Fear distorts reality.
Fear produces irrational responses.
Fear instigates mutiny.
Fear is a statement about God.
This is the ground we've covered so far. Let's start hitting at some solutions. How do we deal with fear?
In our Numbers 13-14 passage, God sent 12 leaders to scout the land. Ten of them succumbed to fear. But two did not: Caleb and Joshua. Why is Joshua and Caleb’s response so different from the other 10? Purportedly, all twelve of these individuals have had the same experience thus far from the time they exited Egypt to the time they arrived at the southern border of the Promised Land. Why are Joshua and Caleb in such a difference place than the other 10? The answer is simple: they know, remember, and trust what God had said about their mission.
Then the Lord said, “I have surely seen the affliction of my people who are in Egypt and have heard their cry because of their taskmasters. I know their sufferings, and I have come down to deliver them out of the hand of the Egyptians and to bring them up out of that land to a good and broad land, a land flowing with milk and honey… - Exodus 3:7-8
God said and promised to bring them to a land flowing with milk and honey. Joshua and Caleb know what God had said, remembered what God had said, and trusted what God had said.
Fear flourishes with ignorance, forgetfulness, and distrust. Just a few years later, God comes to Joshua, who is now leading the people of Israel and this is what he says…
Just as I was with Moses, so I will be with you. I will not leave you or forsake you. Be strong and courageous, for you shall cause this people to inherit the land that I swore to their fathers to give them. Only be strong and very courageous, being careful to do according to all the law that Moses my servant commanded you. Do not turn from it to the right hand or to the left, that you may have good success wherever you go. This Book of the Law shall not depart from your mouth, but you shall meditate on it day and night, so that you may be careful to do according to all that is written in it. For then you will make your way prosperous, and then you will have good success. Have I not commanded you? Be strong and courageous. Do not be frightened, and do not be dismayed, for the Lord your God is with you wherever you go.” – Joshua 1:5-9
Notice within the same train of thought, God connects the command to be strong and courageous with meditating on the Scriptures. Here in Joshua 1, God is commanding the opposite of what took place in Number 13-14. And the command to be strong and courageous doesn’t stand alone as if it is produced through rugged determination. There’s a connection between strength and courage and meditating on God’s Word.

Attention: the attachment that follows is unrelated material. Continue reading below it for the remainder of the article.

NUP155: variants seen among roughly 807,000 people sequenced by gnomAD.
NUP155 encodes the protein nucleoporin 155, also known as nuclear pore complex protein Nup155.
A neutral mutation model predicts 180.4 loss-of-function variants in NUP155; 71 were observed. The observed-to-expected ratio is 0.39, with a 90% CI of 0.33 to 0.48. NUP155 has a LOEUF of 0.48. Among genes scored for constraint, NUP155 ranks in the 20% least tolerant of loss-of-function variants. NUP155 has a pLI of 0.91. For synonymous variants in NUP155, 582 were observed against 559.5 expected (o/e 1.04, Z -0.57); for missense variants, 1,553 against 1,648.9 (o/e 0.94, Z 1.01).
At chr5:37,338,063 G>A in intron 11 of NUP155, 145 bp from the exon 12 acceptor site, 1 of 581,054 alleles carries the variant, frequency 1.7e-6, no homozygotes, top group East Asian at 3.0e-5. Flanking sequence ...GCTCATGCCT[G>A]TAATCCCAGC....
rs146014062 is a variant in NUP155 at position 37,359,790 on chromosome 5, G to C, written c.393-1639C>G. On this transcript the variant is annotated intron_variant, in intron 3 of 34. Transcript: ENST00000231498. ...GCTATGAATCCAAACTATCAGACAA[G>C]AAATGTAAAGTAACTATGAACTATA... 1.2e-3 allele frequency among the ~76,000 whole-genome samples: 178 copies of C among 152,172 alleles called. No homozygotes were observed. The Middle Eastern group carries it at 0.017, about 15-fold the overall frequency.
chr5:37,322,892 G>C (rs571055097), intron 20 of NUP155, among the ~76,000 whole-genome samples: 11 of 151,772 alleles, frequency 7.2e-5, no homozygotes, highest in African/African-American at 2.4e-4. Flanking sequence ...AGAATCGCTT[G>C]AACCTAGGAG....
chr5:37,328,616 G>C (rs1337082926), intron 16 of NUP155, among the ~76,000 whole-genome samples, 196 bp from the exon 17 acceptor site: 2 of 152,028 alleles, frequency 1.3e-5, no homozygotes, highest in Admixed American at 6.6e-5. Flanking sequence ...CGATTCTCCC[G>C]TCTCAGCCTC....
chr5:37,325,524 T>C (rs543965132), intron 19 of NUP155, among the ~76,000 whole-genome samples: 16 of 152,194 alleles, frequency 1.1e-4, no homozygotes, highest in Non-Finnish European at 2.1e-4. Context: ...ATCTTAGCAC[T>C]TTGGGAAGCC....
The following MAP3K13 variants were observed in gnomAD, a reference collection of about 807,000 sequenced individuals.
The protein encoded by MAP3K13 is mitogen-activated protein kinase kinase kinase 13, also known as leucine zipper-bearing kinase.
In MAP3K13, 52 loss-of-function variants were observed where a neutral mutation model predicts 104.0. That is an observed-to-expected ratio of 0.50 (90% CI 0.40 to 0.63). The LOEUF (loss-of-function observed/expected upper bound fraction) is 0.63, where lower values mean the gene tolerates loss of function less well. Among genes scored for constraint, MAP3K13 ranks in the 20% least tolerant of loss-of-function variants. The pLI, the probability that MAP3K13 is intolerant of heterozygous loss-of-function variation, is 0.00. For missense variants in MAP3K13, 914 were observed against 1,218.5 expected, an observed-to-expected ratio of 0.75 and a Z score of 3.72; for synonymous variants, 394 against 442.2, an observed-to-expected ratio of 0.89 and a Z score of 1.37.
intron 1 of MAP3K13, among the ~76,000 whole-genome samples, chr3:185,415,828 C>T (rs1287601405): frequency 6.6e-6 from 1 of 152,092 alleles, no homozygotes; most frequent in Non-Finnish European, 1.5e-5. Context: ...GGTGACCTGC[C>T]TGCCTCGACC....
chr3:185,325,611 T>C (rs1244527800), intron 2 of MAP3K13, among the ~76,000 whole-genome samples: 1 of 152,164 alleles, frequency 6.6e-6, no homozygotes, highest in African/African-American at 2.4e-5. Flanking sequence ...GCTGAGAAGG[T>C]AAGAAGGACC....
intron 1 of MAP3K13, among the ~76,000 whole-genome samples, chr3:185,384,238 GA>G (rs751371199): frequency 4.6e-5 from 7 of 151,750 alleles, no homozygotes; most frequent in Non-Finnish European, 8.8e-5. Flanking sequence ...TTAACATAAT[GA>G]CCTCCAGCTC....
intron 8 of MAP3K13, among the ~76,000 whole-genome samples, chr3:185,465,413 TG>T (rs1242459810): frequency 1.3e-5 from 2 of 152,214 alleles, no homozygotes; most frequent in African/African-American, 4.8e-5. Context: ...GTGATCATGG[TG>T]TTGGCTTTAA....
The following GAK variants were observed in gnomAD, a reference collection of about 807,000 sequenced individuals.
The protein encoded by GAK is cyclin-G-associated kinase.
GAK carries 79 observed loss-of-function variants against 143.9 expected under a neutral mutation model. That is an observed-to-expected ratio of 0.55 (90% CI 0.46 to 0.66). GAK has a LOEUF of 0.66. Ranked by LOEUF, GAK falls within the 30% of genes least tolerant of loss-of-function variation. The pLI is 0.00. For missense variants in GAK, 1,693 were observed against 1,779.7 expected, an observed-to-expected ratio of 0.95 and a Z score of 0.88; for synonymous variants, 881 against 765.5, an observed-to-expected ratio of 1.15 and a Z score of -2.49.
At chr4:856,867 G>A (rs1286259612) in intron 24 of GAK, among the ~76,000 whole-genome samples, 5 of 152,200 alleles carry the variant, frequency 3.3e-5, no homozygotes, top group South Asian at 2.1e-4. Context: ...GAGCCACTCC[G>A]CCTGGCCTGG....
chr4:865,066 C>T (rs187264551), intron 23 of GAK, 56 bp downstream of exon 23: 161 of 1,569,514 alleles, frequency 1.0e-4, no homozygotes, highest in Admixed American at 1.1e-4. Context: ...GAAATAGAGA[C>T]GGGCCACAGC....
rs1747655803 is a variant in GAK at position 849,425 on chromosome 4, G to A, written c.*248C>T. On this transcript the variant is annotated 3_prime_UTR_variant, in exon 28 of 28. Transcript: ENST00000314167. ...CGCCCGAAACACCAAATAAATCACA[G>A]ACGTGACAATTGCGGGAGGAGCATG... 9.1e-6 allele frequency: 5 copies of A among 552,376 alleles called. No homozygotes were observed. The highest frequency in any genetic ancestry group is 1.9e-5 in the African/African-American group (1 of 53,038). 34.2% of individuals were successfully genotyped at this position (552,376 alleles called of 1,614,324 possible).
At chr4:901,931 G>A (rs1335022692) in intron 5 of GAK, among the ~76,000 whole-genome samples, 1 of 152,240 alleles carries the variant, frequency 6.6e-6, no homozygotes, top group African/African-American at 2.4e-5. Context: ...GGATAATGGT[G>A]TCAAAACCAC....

If you do not have a robust, disciplined, consistent, deep, thoughtful devotional life, you are making yourself vulnerable to fear. Overcoming fear is not a matter of willpower. Fear flourishes in the vacuum of an anemic devotional life.
What is it about a robust, disciplined, consistent, deep, thoughtful devotional life that expels fears? Well, I think this kind of devotional life possesses a reorienting power. The ten scouts who succumbed to fear were comparing themselves to the giants in the land. Joshua and Caleb were comparing the giants to God. Do you see in the story how the ten who succumbed to fear were self-concentrating? They were preoccupied with comparing themselves to the task in front of them. Where is God in their picture? He’s missing. They are functional atheists. Fear is functional atheism. Meanwhile, Joshua and Caleb were leaving themselves out of the equation. Instead of self-concentrating by comparing themselves to the giants they were God-concentrating. They were comparing the giants to God. They were comparing the mission in front of them to God. That’s what led them to say, “Let’s go! Let’s go get it!”
Eighty years ago, as Notre Dame was preparing to play the USC Trojans in college football, Fighting Irish coach Knute Rockne was aware that his opponent had a far better team. So he devised a plan to intimidate the opposing players.
Rockne scoured the city of South Bend, Indiana (Notre Dame's hometown), and hand-picked 100 of the largest men he could find—each at least six-foot-five and 300 pounds. He put the men in Fighting Irish uniforms and, at game time, marched them onto the field ahead of the real team. (Obviously, this was before the days of limited rosters and eligibility restrictions.)
As USC watched those giants line up on the sidelines, they forgot about their talent and their undefeated record, and they began mentally preparing themselves for a beating. Though none of the specially recruited men played during the game, their presence on the sidelines was enough to knock Southern Cal's concentration off balance. Knute Rockne's trick had worked; he had intimidated the Trojan players into giving up before the game even started.
This is how fear flourishes – when all our concentration is spent comparing ourselves to the giants; comparing ourselves to the challenges in front of us. Joshua and Caleb didn’t do that. They compared the giants to God; the mission to God; the challenge to God and said, “Let’s go.”